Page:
“Boy and Turtle” succinctly demonstrates Crenier’s adherence to Beaux-Arts sculptural principles in the animated post of the nude and the expressive treatment of the bronze surface.
The boy’s unbalanced stance and splayed fingers and toes reveal a momentary sense of surprise as he and his small foe confront one another. Crenier’s younger son, Guy, recalled that when his older brother, Pierre, then twelve, posed for the piece, the sculptor placed a box under the boy’s foot to allow him to maintain the spontaneous-seeming position.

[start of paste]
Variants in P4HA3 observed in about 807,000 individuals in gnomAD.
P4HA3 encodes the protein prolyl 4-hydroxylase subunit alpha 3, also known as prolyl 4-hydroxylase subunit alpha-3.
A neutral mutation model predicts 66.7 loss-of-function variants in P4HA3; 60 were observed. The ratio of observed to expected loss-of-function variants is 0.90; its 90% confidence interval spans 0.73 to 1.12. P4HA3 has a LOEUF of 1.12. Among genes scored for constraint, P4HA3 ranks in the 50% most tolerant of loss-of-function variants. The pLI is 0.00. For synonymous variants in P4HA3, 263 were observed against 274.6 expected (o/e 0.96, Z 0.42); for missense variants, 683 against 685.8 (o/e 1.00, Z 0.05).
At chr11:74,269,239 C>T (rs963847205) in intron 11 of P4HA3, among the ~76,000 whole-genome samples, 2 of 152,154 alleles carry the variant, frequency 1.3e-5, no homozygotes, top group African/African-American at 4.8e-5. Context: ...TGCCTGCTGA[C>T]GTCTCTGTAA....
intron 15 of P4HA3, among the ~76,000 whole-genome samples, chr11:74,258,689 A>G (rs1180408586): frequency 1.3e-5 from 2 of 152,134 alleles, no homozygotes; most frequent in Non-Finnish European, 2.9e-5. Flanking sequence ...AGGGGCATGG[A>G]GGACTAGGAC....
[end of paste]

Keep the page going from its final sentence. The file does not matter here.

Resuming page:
Modeled and cast in 1912, “Boy and Turtle” was conceived as a demonstration fountain with the hope of attracting a commission for a full-scale garden piece. A piping system under the base enables a small jet of water to spray upward from the turtle’s mouth.
A lifesize bronze cast was later ordered by the Municipal Art Society of Baltimore and donated to the city; it was installed as a fountain in Mount Vernon Place in 1924.
Source: Metropolitan Museum of Art